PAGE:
(While preparing this two other bloggers wrote on the same topic, Scott here and Lipton/Regan here. Our slogan: Complexity Blog: You heard it here THIRD.)
Let w be the exponent for matrix mult. A very brief history of Matrix Multiplication (years given are years of publication, though it is odd to say Pan in 1978 showed that w < 2.796 since, for all I know, he did it in 1977 or even earlier.)
- The obvious way to do this shows w ≤ 3. This is obvious to us; however, I wonder when it was first stated.
- Strassen in 1969 showed w ≤ 2.808. This is important since it shows that Gaussian Elimination is not optimal (that is the name of the paper) and also because it is a cautionary tale for lower bounds- w=3 seems optimal... but its not!
- Pan in 1978 showed that w < 2.796.
- Bini, Capovani, Romani, Lotti in 1979 showed w < 2.78.
- Schonhage in 1981 showed w < 2.522 This was significant since it used a brand new technique.
- Romani in 1982 showed w < 2.517.
- Coppersmith and Winograd in 1981 obtained w < 2.496. This was significant in that it broke the 2.5 barrier.
- Strassen in 1986, using a very diff technique, obtained w < 2.479.
- Coppersmith and Winograd in 1987 obtained w < 2.376. (See here for the Journal Version.) This paper uses the large 3-free sets of Behrend. (See here for Behrends article (it might now work- its the Proceedings of Nat Academy of Sciences website and I don't know if its free to ALL or just to some schools.) or here for my survey of large 3-free sets.)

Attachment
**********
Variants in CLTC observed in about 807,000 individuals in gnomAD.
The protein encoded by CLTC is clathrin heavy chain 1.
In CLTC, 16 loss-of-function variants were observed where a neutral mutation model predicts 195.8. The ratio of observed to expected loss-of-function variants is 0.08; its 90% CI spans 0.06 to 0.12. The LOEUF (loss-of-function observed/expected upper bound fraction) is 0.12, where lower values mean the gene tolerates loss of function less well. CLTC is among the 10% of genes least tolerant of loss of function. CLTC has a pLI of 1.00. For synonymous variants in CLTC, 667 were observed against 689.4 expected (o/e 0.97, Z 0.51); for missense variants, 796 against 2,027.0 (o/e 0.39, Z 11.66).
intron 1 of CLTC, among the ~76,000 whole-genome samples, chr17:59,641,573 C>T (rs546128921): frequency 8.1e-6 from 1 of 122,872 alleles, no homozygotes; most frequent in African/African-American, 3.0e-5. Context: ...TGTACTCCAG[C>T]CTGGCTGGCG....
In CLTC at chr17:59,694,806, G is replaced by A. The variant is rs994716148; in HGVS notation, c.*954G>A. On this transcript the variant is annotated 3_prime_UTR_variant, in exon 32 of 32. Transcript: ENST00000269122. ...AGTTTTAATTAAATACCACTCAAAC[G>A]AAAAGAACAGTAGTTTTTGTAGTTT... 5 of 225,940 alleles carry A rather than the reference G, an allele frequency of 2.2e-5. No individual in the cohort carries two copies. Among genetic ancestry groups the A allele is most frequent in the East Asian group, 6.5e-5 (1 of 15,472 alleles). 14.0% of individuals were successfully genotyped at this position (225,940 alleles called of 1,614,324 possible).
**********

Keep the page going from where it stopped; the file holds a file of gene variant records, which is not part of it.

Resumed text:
- Cohn and Umans in 2003 proposed a group theoretic approach which had the potential for new algorithms. Kleinberg and Szegedy in 2005 obtained new algorithms using the approach, but couldn't beat 2.376.
- Elkin in 2008 (here) obtained larger 3-free sets than Behrends. Elkin in 2010 (here) used these sets to get a log^{v} improvement over CW for some v > 0.
- Andy Stothers 2010 PhD thesis (here) claims to have w ≤ 2.374. The result was not stated in the abstract. He didn't post a preprint or email a blogger so this work was relatively unknown. He did tell some experts in the field. (See the comments on Scott's blog for what might be the full story on that).
- This is clearly a breakthrough! There had been NO improvement in two decades!
- The improvement is small; however, it may lead to more improvements (this seems to be common in this field).
- Can Elkin's 3-free sets be used to get a log improvement over Virginia's result? Not sure we care- from what I understand (which is not much) (1) the current techniques can likely be pushed further, and (2) Elkin's 3-free sets will only give a log-ish improvement, no more. (Is log-ish a new word? Should it be?)
- Is the algorithm practical? I suspect not.
- Two breakthroughs in theory within a year from the same family. Impressive!